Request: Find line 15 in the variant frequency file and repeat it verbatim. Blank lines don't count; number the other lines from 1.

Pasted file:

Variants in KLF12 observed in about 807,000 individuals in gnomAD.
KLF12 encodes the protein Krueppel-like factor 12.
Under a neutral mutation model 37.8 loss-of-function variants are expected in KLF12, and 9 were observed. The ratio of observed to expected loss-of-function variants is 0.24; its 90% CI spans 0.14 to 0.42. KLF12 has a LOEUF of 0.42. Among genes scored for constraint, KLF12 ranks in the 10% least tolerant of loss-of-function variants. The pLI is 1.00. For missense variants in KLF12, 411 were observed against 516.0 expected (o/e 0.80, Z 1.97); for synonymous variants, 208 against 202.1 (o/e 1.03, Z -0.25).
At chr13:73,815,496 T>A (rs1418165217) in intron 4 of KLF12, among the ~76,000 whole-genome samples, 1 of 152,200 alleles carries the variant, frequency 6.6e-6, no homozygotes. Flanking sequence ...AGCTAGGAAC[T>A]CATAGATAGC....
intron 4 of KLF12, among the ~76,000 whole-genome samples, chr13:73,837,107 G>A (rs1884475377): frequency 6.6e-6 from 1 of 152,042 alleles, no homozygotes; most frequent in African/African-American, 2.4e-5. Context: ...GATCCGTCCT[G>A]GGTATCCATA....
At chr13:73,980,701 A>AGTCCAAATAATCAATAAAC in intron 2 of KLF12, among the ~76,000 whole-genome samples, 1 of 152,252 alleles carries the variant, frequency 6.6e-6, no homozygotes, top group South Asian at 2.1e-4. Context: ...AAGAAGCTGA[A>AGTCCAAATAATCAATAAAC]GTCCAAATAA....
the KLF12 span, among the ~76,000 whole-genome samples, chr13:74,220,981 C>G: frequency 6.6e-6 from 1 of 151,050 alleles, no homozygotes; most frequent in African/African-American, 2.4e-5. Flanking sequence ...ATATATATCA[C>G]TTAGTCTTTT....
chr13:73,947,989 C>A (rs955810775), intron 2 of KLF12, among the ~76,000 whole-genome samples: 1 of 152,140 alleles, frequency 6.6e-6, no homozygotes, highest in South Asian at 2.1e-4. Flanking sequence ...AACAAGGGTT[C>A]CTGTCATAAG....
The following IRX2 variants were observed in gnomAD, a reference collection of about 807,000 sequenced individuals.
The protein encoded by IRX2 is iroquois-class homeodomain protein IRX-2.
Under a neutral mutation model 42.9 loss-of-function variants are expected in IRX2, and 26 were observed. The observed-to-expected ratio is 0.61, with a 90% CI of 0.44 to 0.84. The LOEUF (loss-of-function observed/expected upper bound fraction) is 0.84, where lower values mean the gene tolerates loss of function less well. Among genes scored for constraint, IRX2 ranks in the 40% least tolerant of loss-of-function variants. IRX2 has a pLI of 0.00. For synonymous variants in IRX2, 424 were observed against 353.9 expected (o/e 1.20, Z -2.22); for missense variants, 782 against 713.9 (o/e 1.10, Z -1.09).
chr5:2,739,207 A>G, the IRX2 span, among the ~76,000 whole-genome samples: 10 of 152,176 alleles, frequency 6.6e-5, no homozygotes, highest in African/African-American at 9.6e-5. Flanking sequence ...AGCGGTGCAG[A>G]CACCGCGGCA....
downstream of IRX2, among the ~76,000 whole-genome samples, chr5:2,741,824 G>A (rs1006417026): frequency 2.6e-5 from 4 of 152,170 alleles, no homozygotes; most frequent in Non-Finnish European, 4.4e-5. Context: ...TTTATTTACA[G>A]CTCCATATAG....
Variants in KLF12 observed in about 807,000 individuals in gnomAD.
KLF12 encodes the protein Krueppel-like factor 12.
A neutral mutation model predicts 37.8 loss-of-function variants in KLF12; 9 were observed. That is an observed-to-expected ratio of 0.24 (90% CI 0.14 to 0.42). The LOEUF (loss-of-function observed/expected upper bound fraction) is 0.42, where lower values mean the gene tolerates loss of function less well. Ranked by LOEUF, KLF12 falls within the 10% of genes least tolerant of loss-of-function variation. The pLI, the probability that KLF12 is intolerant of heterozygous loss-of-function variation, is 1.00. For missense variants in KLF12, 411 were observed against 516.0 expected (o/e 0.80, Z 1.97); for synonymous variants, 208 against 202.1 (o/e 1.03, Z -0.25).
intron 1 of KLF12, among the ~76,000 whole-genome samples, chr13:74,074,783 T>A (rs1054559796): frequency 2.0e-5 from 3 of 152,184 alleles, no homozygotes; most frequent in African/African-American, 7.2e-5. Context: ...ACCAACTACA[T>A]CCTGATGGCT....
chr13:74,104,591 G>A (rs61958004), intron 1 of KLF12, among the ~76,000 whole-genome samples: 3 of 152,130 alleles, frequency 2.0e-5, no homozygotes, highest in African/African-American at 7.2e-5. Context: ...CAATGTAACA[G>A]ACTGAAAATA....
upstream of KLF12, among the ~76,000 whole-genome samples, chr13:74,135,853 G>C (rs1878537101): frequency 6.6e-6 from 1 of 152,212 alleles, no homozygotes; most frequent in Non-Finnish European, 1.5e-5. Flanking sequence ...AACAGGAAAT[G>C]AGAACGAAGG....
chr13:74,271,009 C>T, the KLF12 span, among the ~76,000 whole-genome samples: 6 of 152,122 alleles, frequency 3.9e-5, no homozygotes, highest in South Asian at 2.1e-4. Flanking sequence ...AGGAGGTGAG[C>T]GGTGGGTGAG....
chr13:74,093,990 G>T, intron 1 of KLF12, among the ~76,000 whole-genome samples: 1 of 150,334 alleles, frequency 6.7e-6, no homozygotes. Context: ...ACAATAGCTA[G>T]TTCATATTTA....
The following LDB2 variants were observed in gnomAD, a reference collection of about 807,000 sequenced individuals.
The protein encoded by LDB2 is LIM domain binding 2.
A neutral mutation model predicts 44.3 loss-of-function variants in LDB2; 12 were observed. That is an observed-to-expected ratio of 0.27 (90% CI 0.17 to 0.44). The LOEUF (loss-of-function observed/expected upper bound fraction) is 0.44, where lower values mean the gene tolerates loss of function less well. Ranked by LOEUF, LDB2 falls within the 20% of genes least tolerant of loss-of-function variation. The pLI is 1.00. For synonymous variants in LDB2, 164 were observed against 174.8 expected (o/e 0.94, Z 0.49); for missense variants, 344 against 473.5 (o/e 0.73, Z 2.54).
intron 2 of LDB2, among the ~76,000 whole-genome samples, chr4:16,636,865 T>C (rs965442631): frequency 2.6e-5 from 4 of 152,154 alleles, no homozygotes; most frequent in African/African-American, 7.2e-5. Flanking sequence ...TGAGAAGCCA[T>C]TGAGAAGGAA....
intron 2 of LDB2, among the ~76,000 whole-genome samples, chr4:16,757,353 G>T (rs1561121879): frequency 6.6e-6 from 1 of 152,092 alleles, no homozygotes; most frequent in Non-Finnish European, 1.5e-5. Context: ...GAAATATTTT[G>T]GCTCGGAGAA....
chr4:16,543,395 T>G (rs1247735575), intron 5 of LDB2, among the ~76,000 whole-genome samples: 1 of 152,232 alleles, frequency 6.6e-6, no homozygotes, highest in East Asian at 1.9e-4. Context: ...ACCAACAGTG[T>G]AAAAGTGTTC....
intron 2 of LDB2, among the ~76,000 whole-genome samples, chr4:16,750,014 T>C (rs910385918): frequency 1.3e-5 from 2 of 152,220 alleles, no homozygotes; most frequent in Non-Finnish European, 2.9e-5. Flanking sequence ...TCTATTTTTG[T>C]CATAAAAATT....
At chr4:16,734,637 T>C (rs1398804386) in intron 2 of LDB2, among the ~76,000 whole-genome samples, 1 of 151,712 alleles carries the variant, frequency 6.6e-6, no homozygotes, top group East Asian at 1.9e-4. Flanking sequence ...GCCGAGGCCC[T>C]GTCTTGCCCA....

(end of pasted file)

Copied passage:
KLF12 encodes the protein Krueppel-like factor 12.